(ATR) With a year to go to the Olympic Games, Rio de Janeiro seems no more panicked than normal this week, although mighty challenges still remain.
Regardless of massive improvements to public transit, traffic is still ridiculous at times. The western suburb of Barra da Tijuca where the Olympic Park and other key venues are located seems to be in never-ending gridlock.
Throughout Barra, construction of Bus Rapid Transit stations signals a future less dependent on cars and a better quality of life with shorter time spent traveling.
The 2016 Summer Games will put to the test this new transport infrastructure that is supposed to result in accessible public transit for 60% of 6.2 million citizens.
I wish it were the case now.
I’m planning to visit the equestrian venue test event in the Deodoro Olympic Park. Besides delays in construction of the venues, Deodoro is notorious for its distance from anywhere in Rio de Janeiro. We’ll leave by car from the Windsor Barra Hotel (the IOC hotel in 2016) and -- fingers crossed -- we’ll reach the venue, 27 km away, within the hour. Then there is the return. For spectators traveling from Copacabana, the trip could take 30 minutes longer.
Rugby, field hockey, slalom canoe, modern pentathlon, shooting, BMX and mountain biking are among the 11 sports taking place in this outpost. Even with BRT service or Olympic lanes, it will still take a chunk of time to reach.
My advice to those coming to Rio next year is to be patient, plan for long travel times, and don’t overdo back and forth transits. Try to take in as many events as possible while out at Deodoro, which will have the second largest concentration of venues for Rio 2016.
The same advice applies to Rio Olympic Park, the number one cluster of venues. Located in Barra, the park can probably be reached within 30 minutes from Copacabana and half that time for visitors staying in the Barra area.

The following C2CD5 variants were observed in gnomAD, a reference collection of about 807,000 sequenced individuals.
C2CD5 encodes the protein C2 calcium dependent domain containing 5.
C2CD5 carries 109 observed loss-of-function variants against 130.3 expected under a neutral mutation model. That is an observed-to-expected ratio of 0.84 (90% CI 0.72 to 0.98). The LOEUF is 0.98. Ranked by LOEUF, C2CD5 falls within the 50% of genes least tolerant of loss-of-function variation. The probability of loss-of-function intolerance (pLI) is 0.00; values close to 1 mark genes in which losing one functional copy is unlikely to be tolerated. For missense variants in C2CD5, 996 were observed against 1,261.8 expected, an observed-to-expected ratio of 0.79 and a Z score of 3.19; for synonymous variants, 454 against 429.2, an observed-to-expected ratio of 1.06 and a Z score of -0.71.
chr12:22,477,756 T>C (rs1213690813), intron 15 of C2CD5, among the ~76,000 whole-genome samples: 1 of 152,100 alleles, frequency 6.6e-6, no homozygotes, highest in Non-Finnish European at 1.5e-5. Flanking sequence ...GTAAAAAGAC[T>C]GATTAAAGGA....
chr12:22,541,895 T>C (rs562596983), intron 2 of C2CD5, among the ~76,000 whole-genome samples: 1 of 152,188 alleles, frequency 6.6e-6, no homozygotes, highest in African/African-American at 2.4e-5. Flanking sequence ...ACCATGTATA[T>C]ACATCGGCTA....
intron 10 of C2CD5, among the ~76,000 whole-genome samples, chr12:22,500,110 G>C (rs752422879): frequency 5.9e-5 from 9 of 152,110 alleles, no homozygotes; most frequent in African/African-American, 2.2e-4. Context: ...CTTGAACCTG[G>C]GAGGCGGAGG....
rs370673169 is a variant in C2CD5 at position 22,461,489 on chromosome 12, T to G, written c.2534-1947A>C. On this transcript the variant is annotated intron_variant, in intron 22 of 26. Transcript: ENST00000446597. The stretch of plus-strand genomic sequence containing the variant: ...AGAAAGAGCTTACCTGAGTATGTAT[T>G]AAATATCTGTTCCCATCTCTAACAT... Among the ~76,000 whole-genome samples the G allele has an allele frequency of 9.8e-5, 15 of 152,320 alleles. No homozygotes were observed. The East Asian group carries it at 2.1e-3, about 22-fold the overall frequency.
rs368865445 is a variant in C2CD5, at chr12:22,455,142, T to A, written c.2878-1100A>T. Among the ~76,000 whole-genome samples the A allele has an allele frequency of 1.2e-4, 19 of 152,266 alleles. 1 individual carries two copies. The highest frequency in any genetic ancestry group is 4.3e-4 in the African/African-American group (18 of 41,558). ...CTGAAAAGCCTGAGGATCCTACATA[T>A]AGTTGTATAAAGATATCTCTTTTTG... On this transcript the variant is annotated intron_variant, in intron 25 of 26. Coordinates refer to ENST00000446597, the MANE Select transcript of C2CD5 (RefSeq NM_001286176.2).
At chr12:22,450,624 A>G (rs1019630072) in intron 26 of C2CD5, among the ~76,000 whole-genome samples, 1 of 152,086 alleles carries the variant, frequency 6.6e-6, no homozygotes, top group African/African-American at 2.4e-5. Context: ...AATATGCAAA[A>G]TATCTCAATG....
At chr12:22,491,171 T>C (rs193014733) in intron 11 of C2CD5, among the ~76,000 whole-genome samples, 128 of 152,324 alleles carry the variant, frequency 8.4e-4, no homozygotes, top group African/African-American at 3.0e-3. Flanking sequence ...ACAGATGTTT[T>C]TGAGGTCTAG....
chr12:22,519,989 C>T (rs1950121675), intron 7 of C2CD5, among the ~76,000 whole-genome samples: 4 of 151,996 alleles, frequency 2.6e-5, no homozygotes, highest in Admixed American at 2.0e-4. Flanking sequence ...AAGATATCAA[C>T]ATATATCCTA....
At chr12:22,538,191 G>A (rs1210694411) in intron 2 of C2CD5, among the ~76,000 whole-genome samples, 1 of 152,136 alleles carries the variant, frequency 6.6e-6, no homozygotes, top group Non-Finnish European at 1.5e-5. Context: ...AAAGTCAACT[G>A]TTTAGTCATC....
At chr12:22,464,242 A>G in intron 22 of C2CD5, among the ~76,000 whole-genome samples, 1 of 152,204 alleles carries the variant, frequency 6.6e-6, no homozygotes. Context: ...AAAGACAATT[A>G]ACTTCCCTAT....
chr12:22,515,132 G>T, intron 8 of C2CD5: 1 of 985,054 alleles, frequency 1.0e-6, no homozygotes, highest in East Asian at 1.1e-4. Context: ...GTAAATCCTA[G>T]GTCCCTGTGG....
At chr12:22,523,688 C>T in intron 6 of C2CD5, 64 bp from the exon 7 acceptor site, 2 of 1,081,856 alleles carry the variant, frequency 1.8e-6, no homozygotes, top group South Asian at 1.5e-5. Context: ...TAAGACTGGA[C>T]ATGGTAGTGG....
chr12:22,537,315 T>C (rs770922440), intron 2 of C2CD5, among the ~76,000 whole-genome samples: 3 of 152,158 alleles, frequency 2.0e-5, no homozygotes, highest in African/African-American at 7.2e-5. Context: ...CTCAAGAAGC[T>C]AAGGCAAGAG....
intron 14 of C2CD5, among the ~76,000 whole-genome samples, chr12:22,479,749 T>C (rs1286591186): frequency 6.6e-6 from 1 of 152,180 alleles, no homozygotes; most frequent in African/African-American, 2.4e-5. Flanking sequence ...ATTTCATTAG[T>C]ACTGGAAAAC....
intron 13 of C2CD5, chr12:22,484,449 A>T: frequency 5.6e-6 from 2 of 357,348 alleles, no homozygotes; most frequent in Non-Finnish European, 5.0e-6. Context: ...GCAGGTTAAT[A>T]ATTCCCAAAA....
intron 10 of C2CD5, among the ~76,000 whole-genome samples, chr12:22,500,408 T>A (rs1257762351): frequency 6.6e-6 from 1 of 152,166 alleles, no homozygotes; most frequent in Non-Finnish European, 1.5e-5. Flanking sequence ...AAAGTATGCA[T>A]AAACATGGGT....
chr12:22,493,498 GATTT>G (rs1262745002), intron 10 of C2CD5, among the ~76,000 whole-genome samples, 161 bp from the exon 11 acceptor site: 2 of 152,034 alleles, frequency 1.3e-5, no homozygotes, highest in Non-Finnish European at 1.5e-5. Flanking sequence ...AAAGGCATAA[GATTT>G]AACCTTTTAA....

While the BRT is supposed to bring traffic relief, Barra has become a massive center of commerce for Rio de Janeiro, regardless of the Olympics. If there is one spot in Rio that could go into the red zone for traffic next year, this is the place.
But the panic attack the IOC suffered a year and a half ago over Rio venue preparations seems to have subsided now that all are very close to completion. Test events are coming for all of them - even the golf course, which came dangerously close to missing the Olympic deadline.
It seems that with any Olympics, there is one issue that remains hanging over the last months of preparation. In London, it might have been security. In Beijing, air pollution. For Rio, it’s primarily the pollution pouring into the sea. And then there’s the battle against street crime and violence in the favelas, although not as intense as it once was.
The first wave of test events for Rio this month involve competition in the polluted waters that are drawing worldwide attention. So far triathletes, rowers and sailors have not succumbed to anything foul. If government experts are to be believed, pollution levels will be lowered by 60% by the time of the Olympics. Constant monitoring is ahead.
Still, for these first-ever Olympics held in a host city on the Atlantic Ocean, stopping the pollution totally would have been an admirable legacy not just for Rio, but for every nation that shares the world’s second biggest ocean.
Written by EdHula
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